Icebreaker does engage in turnaround interim scenarios. The reason for the “road block in the demand” we find is 2 fold like this
“The rational side”.
- Banks hold the control – debentures etc, veto on appointing administrators etc
- They are sitting on zombie companies without acting
- They are acting inconsistently
i. Pulling funds on businesses with no exposure
ii. Pulling funds on businesses within their agreed limits
- They use the traditional IBR – which is no more than a snapshot and provides no indication of a solution
- No one is lending against P and L, only assets
- ABL is becoming the new norm for corporates so there is a huge choice
- Most businesses are going straight into administration
- Businesses that get into trouble on the curve of death have gone too far too turnaround from existing financial resources “Alan Sugar sugar rightly says they therefore require a IP not more funding”
- There is no effective standard consulting or interim management solution that can deliver fast enough to stem the flow of cash
- You need to hook up with VCs / CFs cos you end up buying businesses from owners, we know about 150 VCs / IPs etc
- The owners are in control for as long as they can pre administration and its difficult for them to admit there is a problem
- Most owners don’t know the legality of the issues they face / how to act
- There’s no means of identifying
- IPs will take their fees without considering too broadly more complex ongoing solutions, leaving businesses unchanged post turnaround – just with more debt – Woolworths
- The issues are very complex and require a very effective team. And I mean a team not a group of individuals with an extended team of advisors
- You need inspired eyes and ears looking out with the right sets of eyes and ears to feed you work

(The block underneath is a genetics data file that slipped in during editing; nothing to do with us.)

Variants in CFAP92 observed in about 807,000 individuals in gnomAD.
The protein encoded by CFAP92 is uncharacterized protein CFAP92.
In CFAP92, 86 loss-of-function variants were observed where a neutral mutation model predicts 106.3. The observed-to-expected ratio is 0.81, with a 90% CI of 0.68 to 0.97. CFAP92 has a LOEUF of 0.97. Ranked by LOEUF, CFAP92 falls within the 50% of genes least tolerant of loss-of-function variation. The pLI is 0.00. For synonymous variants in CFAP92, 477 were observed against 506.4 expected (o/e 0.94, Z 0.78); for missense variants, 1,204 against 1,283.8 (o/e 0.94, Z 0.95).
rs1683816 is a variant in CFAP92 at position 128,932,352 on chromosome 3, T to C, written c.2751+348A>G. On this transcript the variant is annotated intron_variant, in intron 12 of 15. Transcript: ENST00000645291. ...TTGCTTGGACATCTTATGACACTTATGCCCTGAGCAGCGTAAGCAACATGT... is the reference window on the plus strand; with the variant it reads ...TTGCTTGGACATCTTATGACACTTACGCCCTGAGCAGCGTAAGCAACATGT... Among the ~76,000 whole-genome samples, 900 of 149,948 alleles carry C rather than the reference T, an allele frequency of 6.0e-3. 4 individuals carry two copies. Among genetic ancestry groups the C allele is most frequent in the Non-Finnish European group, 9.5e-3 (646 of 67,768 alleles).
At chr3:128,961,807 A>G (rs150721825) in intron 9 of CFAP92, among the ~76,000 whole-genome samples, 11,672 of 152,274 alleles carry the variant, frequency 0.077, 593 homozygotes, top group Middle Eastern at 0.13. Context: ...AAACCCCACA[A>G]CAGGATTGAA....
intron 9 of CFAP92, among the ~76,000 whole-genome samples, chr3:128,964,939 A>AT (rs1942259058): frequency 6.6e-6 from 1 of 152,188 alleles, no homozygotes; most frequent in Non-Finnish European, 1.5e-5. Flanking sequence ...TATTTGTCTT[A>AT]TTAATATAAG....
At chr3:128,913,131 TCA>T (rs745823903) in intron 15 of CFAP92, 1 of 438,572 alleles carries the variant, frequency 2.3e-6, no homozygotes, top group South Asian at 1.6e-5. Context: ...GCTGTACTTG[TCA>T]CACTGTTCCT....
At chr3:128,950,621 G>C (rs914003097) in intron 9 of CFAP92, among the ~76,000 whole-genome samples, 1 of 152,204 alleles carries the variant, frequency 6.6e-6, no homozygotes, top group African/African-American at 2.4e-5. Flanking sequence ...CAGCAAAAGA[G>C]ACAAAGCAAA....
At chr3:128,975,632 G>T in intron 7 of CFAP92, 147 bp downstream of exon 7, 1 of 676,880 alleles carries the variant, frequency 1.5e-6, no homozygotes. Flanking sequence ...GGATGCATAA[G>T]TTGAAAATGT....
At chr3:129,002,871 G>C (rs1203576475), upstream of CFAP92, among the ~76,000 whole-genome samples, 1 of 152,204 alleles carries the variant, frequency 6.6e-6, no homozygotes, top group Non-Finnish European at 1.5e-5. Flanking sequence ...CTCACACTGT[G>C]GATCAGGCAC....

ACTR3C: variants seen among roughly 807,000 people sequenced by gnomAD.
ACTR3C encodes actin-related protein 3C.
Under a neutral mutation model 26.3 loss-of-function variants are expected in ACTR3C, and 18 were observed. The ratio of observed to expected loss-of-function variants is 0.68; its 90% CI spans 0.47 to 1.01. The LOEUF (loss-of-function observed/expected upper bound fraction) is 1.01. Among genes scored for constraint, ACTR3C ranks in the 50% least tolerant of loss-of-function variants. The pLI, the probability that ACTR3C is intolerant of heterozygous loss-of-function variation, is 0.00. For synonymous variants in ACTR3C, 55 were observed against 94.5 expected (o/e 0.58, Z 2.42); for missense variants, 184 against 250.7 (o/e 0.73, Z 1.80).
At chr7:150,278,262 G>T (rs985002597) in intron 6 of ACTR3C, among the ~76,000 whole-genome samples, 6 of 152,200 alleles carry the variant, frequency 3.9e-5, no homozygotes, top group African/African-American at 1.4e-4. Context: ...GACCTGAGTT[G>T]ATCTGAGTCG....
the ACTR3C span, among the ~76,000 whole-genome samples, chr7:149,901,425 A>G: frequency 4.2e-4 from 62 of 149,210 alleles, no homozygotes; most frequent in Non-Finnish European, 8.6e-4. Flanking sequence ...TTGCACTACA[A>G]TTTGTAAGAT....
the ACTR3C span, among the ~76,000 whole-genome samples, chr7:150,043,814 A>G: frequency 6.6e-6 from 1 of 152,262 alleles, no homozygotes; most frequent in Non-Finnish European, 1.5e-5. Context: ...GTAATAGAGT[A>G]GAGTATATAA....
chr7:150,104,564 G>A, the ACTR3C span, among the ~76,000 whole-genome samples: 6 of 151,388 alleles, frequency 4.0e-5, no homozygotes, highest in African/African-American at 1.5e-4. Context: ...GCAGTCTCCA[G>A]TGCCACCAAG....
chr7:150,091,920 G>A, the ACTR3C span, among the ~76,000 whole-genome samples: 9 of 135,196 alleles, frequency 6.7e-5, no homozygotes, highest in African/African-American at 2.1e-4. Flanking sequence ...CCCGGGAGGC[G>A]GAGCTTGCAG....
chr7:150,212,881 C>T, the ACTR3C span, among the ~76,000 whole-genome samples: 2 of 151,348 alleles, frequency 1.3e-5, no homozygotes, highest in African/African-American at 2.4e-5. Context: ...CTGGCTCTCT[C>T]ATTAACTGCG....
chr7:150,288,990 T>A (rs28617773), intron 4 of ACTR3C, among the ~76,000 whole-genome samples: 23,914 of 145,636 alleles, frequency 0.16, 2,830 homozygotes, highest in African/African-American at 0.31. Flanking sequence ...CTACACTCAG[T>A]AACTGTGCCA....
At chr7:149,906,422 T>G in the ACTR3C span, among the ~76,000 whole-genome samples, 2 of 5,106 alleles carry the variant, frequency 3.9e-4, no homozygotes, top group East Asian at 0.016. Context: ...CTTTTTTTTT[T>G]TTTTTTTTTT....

- The best people in banks seem tied with bureaucracy e.g. recognising that a bit more cash to support a solution may work
“The people side (the less rational side)”
- The levels of market uncertainty are staggering; people don’t make decisions without a level of certainty
- Rational argument don’t work – you need executive coaching skills to unravel distorted thinking that takes place when people become very entrenched and stressed in survival mode
- You have to get the manager to realise there is a problem cos telling them don’t work
- You need to act decisively early and have the mandate to do so
- Most of the problems that are occurring are not business as usual – we find they are sliding into an abyss
- There are confusing messages been sent out on the reality, personally I have been of the view since early 80s that manufacturing has a far greater role to play in the long term solution for the UK and the sort or generalisations on what we should make / buy around technology is flawed.
That’s why icebreaker works as a team in the way we do and take these aspects so seriously. Having done this we have also realised that a team based interim approach is a whole lot better for standard interim work.
What’s pleasing is that the banks and others are waking up, and acting, BUT in the process many GOOD underlying businesses in the meantime will go bust.
On the last point – Beer and Partners I was an interim / potential investor on their pool, and found that there was again a reluctance to manage investments. The expectation has been for too long is that you do due diligence and it just happens, and you win some and lose some. I have never been willing to invest on that basis without taking a view of the viability and as required inputting into decision making.
What’s worrying is like any crisis people get drawn into areas that undermines their real responsibility, which sends organisations into freefall. What is missing though is the very specialised hit squads to resolve the complex matters that SMEs face, with those that are very skilled interim managers comfortable at operating at all levels don’t mind getting their hands dirty, and motivated dispassionately by making a real difference.
Note of caution it requires significant courage and carries significant professional risks; and no easy option to manage a program!
This was our summary of 2009 / 10 http://news.icebreakerexecutive.com/?p=278
I hope this helps fuel some other thoughts and prompt some others’ to share their experience.